Mentioned in a previous post, exposure to heat stress has been demonstrated to cause a release of norepinephrine. This is interesting, mostly, because norepinephrine is the target of a line of drugs known as norepinephrine reuptake inhibitors. These drugs prevent the reuptake of norepinephrine, and thereby treat conditions such as ADHD, and depression. Likewise, some studies have hinted at the fact that sauna use may help with depression.
Here’s a study showing that heat acclimation actually increases the amount of norepinephrine stored within the hypothalamus, at least in rats:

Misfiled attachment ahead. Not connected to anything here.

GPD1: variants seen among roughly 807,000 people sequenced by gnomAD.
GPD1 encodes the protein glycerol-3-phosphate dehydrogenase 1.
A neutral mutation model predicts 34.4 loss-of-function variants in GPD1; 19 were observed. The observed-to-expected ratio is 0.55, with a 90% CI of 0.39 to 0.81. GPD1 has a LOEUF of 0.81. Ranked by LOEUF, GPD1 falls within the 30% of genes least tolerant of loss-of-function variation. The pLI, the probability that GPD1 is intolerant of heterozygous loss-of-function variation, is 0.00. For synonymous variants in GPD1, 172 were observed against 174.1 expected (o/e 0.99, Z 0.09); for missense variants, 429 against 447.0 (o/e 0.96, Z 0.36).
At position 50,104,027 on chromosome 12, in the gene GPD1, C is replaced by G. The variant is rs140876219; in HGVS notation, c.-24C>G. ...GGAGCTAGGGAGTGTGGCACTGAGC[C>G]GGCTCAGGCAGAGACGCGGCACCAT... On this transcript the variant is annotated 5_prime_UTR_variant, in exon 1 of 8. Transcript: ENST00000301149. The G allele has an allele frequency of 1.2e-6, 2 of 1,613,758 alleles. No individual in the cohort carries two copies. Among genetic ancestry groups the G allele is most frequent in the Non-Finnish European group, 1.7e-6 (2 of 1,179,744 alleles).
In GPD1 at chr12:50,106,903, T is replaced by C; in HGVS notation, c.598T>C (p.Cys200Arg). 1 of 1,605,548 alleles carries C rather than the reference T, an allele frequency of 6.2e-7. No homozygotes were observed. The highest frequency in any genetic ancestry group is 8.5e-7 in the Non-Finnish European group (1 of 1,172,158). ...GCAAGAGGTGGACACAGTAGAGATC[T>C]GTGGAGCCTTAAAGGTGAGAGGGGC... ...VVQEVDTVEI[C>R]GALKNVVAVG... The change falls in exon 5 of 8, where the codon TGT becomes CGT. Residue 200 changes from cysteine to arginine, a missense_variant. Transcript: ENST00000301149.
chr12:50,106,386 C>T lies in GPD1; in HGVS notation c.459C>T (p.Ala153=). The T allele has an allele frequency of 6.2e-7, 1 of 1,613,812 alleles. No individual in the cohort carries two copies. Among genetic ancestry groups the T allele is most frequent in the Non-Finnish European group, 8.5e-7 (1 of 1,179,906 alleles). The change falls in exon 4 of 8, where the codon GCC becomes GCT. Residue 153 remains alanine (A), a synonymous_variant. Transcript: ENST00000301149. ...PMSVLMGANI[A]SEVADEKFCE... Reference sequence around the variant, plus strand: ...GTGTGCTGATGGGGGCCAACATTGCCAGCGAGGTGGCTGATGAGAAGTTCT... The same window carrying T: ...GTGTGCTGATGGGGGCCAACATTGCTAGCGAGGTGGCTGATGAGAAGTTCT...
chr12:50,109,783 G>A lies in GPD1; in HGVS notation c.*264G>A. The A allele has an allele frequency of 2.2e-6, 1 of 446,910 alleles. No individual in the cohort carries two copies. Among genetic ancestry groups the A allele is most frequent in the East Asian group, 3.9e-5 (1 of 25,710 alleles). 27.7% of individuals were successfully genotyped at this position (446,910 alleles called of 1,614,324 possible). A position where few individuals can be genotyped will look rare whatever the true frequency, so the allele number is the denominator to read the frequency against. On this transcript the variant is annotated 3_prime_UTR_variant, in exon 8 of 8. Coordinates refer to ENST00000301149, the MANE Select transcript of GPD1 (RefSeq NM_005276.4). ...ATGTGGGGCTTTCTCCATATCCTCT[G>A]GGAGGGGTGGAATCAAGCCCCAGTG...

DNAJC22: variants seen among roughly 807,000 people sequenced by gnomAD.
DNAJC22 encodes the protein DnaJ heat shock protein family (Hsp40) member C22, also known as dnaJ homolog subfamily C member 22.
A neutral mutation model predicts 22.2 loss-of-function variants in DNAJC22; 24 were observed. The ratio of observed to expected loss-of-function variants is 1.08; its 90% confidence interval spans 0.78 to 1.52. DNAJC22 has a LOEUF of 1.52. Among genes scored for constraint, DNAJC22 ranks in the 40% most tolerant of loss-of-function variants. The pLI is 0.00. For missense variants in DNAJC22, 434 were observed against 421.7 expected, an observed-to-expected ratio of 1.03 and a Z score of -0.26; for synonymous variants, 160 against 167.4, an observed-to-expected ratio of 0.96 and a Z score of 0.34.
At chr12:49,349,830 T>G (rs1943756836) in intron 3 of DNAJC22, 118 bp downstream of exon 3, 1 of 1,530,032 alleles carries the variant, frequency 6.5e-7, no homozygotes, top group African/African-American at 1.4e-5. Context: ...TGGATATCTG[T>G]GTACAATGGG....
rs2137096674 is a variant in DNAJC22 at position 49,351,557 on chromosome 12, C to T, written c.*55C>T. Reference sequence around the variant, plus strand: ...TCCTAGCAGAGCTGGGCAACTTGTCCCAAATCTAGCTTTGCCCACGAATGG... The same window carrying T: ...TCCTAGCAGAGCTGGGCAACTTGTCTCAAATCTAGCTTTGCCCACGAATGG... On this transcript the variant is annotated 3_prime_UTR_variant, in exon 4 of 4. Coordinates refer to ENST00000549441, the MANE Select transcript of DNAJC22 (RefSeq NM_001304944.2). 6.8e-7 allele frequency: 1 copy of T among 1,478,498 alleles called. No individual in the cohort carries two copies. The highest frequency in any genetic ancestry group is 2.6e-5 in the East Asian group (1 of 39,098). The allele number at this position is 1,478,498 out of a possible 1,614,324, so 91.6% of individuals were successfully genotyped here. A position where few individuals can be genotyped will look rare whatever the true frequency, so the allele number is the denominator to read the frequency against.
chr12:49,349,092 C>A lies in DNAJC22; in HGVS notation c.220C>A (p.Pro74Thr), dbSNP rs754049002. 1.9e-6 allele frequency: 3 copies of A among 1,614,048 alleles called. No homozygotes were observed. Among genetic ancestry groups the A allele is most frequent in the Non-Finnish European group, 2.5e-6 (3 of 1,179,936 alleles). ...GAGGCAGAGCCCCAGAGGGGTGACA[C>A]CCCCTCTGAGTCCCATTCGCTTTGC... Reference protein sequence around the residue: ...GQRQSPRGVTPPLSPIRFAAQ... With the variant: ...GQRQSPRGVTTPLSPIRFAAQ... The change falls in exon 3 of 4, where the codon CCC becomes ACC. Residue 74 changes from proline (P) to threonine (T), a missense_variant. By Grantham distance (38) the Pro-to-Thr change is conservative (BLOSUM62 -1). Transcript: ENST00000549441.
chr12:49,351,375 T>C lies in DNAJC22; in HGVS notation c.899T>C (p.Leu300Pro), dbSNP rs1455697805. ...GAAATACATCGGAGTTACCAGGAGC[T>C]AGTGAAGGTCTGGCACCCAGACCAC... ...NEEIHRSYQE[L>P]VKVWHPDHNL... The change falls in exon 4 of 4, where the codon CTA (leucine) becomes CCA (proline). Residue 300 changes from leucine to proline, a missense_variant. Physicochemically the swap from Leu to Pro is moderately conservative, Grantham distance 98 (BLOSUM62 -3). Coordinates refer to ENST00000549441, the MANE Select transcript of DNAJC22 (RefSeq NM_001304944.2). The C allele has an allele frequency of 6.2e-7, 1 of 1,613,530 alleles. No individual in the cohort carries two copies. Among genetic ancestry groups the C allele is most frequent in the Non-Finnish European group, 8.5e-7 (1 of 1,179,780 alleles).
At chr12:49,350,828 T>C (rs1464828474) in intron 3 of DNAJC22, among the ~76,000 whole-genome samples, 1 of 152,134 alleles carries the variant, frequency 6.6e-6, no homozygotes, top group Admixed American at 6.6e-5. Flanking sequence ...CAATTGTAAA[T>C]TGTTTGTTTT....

The hypothesis that anterior hypothalamic (AH) sensitivity to norepinephrine (NE) is altered by chronic exercise in the heat was tested in male Sprague-Dawley rats. Treadmill exercise 6 days/wk for 3 wk at 21 m/min was performed at 23 degrees C (control; C) or at 35 degrees C (heat acclimated; HA), progressing from 20 to 50 min/day in 2 wk. Time for core temperature (Tco) to rise from 39.5 to 40.5 degrees C during a heat-tolerance test after conditioning increased (P less than 0.05) in the HA group. To test for a change in AH sensitivity, the change in Tco to 2-, 5-, 10-, 20-, and 40-micrograms doses of NE injected bilaterally into the AH was determined after conditioning. Dose-response regression lines showed that exercise in the heat increased the slope and shifted the Tco-NE dose relation to the left. In a separate series of experiments on 6 sedentary(s), 10 C, and 10 HA animals, the amounts of NE, dopamine, and 3,4-dihydroxyphenylglycol (DOPEG) were determined by high-pressure liquid chromatography in the AH, median preoptic area (PO), cortex, and cerebellum after 9 wk of conditioning. Results showed that in the PO there was a significant increase in NE and DOPEG in the HA vs. C group and a trend of increasing NE from the S to C to HA groups. The data indicate that exercise in the heat increases NE-induced peripheral heat-dissipating capacity and increases catecholamine storage in the PO. (via.)